Lighthouse Poetry

Lighthouse Poetry

I am not a poet, or I should re-phrase that and say that I can write about lighthouses, but I cannot write poetry about lighthouses, so I went on the Internet and started looking.

On my old site I had two links to lighthouse poetry, but only one seems to be working now.

Dan’s Lighthouse website has quite a few poems, most with a religious tone to them, but interesting reading. His poetry webpage is found here.

One of the poems found on Dan’s page is by Henry Wordsworth Longfellow. Most of you have heard of him, but have probably never heard his poem The Lighthouse written in 1848:

The Lighthouse
by Henry Wadsworth Longfellow (1807 – 1882) 1

The rocky ledge runs far into the sea,
and on its outer point, some miles away,
the lighthouse lifts its massive masonry,
A pillar of fire by night, of cloud by day. 

Even at this distance I can see the tides,
Upheaving, break unheard along its base, 
A speechless wrath, that rises and subsides
in the white tip and tremor of the face. 

And as the evening darkens, lo! how bright,
through the deep purple of the twilight air,
Beams forth the sudden radiance of its light,
with strange, unearhly splendor in the glare! 

No one alone: from each projecting cape
And perilous reef along the ocean’s verge,
Starts into life a dim, gigantic shape,
Holding its lantern o’er the restless surge. 

Like the great giant Christopher it stands
Upon the brink of the tempestuous wave,
Wading far out among the rocks and sands,
The night o’er taken mariner to save. 

And the great ships sail outward and return
Bending and bowing o’er the billowy swells,
And ever joyful, as they see it burn
They wave their silent welcome and farewells. 

They come forth from the darkness, and their sails
Gleam for a moment only in the blaze,
And eager faces, as the light unveils
Gaze at the tower, and vanish while they gaze. 

The mariner remembers when a child,
on his first voyage, he saw it fade and sink
And when returning from adventures wild,
He saw it rise again o’er ocean’s brink. 

Steadfast, serene, immovable, the same,
Year after year, through all the silent night
Burns on forevermore that quenchless flame,
Shines on that inextinguishable light! 

It sees the ocean to its bosum clasp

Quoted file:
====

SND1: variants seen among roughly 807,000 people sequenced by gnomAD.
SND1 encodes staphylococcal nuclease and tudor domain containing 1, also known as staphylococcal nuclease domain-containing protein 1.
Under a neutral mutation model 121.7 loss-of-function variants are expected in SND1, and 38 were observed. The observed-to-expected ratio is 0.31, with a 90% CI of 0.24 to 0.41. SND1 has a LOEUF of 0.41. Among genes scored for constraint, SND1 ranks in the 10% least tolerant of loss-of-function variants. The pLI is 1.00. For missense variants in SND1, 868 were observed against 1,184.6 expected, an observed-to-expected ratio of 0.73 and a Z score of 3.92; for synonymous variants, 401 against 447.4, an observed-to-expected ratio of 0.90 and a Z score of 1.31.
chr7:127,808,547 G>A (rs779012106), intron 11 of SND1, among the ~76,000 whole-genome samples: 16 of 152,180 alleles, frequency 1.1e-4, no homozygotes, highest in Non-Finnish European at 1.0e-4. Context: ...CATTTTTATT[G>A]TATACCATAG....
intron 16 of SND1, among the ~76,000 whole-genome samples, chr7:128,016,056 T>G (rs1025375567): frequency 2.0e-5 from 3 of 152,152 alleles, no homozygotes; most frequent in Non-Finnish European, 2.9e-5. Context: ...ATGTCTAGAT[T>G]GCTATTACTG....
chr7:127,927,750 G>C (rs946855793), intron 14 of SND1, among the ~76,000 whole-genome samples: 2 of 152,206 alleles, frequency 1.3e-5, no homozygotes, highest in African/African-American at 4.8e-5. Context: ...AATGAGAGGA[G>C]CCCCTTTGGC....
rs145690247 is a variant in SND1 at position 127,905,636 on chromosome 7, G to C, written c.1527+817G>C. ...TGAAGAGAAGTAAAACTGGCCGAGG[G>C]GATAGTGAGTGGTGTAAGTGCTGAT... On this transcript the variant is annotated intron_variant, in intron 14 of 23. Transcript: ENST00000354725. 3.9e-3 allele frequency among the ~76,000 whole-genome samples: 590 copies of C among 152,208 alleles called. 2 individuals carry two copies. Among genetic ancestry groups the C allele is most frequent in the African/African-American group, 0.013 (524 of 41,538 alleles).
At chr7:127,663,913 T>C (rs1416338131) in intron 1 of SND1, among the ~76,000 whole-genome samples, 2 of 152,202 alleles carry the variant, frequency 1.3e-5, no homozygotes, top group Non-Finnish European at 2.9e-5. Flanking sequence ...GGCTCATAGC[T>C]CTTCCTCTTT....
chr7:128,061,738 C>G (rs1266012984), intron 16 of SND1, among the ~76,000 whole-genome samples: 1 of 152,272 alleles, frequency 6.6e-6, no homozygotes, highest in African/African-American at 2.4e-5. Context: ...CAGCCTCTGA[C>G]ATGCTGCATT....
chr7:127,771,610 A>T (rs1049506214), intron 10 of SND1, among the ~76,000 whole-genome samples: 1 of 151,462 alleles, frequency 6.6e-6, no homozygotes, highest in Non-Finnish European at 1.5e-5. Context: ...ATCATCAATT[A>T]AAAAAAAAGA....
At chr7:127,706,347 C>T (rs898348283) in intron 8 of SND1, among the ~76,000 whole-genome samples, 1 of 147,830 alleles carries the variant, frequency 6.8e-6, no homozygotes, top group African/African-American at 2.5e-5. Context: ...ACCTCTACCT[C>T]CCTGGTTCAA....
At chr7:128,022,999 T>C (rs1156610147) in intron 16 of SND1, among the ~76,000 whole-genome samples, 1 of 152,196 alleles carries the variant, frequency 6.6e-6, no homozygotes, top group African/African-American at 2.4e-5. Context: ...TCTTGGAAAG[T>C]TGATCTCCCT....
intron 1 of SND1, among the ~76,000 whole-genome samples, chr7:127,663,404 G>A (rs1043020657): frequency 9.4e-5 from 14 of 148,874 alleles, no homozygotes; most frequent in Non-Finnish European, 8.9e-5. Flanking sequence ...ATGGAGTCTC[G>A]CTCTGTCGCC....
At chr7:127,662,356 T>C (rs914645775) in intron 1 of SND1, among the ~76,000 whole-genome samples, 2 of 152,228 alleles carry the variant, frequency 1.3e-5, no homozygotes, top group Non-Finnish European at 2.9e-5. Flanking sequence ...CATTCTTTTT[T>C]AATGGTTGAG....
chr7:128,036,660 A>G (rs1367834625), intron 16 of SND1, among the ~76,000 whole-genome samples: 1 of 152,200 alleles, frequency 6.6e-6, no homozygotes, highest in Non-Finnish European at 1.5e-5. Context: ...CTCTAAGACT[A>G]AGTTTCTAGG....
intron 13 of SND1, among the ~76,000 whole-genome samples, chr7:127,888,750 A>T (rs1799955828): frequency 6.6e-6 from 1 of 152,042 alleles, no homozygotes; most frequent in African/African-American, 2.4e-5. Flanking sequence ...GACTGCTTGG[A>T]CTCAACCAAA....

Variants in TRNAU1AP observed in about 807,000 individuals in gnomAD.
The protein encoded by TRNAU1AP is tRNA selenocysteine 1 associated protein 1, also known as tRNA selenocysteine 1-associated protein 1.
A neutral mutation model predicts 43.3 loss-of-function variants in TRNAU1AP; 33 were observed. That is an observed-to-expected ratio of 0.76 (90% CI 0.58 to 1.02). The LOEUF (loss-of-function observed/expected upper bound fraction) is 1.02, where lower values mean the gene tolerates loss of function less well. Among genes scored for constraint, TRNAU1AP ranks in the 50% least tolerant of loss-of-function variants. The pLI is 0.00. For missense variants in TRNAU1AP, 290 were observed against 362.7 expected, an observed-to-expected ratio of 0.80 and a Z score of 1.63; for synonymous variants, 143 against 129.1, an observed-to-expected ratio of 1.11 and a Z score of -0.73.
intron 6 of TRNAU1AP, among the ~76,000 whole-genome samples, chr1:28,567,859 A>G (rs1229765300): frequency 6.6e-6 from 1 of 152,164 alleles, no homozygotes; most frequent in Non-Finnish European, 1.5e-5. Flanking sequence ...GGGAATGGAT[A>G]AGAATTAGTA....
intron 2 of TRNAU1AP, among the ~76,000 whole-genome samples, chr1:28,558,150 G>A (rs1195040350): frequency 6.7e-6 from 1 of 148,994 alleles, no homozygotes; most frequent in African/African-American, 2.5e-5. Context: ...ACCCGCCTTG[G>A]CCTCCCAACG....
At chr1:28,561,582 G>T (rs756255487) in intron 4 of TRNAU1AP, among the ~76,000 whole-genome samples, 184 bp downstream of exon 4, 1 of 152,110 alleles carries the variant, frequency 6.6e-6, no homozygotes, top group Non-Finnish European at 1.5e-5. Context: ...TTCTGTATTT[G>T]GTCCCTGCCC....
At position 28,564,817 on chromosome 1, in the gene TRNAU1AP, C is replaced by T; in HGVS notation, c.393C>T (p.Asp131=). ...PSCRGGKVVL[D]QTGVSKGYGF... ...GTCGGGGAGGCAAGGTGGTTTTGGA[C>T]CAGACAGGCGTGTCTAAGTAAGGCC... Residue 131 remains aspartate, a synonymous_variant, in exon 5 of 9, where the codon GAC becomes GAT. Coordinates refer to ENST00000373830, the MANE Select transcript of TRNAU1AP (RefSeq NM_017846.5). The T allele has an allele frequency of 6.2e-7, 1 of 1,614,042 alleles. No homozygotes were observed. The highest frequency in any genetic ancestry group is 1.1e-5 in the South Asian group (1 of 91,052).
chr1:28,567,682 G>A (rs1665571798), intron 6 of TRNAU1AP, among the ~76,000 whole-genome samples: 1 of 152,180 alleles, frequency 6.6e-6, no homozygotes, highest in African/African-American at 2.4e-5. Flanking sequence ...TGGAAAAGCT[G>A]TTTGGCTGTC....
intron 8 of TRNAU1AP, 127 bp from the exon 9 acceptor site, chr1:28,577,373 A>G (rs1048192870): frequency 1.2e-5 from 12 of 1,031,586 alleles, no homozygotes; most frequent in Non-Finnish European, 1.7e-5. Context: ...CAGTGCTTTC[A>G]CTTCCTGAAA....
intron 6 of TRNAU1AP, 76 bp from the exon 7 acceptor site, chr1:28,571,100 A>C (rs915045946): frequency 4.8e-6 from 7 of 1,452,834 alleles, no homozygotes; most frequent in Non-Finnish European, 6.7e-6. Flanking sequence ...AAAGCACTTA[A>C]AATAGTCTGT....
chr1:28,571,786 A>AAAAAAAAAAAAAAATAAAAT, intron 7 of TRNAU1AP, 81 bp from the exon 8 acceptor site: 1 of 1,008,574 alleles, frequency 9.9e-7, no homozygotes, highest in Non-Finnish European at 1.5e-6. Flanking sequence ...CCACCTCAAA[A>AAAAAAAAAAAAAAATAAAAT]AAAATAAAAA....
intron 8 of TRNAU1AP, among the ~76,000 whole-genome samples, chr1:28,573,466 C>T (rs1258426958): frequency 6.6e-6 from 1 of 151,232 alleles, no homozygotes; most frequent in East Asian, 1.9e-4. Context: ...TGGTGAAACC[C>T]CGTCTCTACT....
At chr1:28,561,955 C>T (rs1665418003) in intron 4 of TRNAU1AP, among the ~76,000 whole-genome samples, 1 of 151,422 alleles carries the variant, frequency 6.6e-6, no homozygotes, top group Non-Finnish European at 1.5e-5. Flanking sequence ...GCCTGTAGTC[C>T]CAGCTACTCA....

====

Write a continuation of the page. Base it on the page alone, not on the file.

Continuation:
The rocks and sea-sand with the kiss of peace:
It sees the wild winds lift it in their grasp,
And hold it up, and shake it like a fleece. 

The startled waves leap over it; the storm
Smites it with all the scourges of the rain, 
And steadily against its solid form
press the great shoulders of the hurricane. 

The sea-bird wheeling round it, with the din
of wings and winds and solitary cries,
Blinded and maddened by the light within,
Dashes himself against the glare, and dies. 

A new Prometheus, chained upon the rock,
Still grasping in his hand the fire of love,
it does not hear the cry, nor heed the shock,
but hails the mariner with words of love. 

“Sail on!” it says: “sail on, ye stately ships!
And with your floating bridge the ocean span;
Be mine to guard this light from all eclipse.
Be yours to bring man neared unto man.


Here is another phenomenal link to a website, New England Lighthouse Wallpaper, that has many poems about lighthouses. More than I ever knew existed. Rather than asking the author’s permission to copy the poems, please click the link above.

One other link of interest is Lighthouses in Poetry. Worth a read as it has many references to other poems.

Does anyone out there have some Lighthouse Poetry that they know of, or would like to contribute? Send it on and I will publish it here. – JC


In December 2011 an ex-lighthouse keeper from Scotland, Peter Hill wrote me – see his poems here.


On January 15, 2012 Harvey Humchitt at Cape Scott lighthouse published the following.

I sit here at my window gazing, the family of deer on my station grazing.
Hoofing through the fresh fallin snow, looking for roots to help their young grow.
The sun paints the clouds all pink and red, and warns us what kind of weather’s ahead.
A young eagle flies, soaring, looking for his prey, right on….looks like another Cape Scott winter day. Facebook 20120115


On the 24th of January, 2012, Colin Toner from McInness Island lighthouse published this on Facebook:

North Pacific Storms
The sky goes black as they approach 
the animals they flee
the mighty coastal spruce bow and fall to their knees
with a swing of an arm it kills the vain, the old, the weak, and the diseased
if you look into its heart too long your eyes no longer see
I tell you your gods still walk the earth 
we are just too blind to see


See more under Lighthouse Quotations.




1 Poet Henry Wadsworth Longfellow, who was born in Portland, Maine, USA, then part of Massachusetts, was a frequent visitor to Portland Head Light in his younger years. Longfellow’s poem “The Lighthouse” was probably inspired by his many hours at Portland Head Light.

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Retired (2001) British Columbia lighthouse keeper after 32 years on the lights.


  1. Hi there I am a former Lighthouse Keeper and have written a number of poems that you might like to post on this website….mostly about the ones I served on and all Scottish

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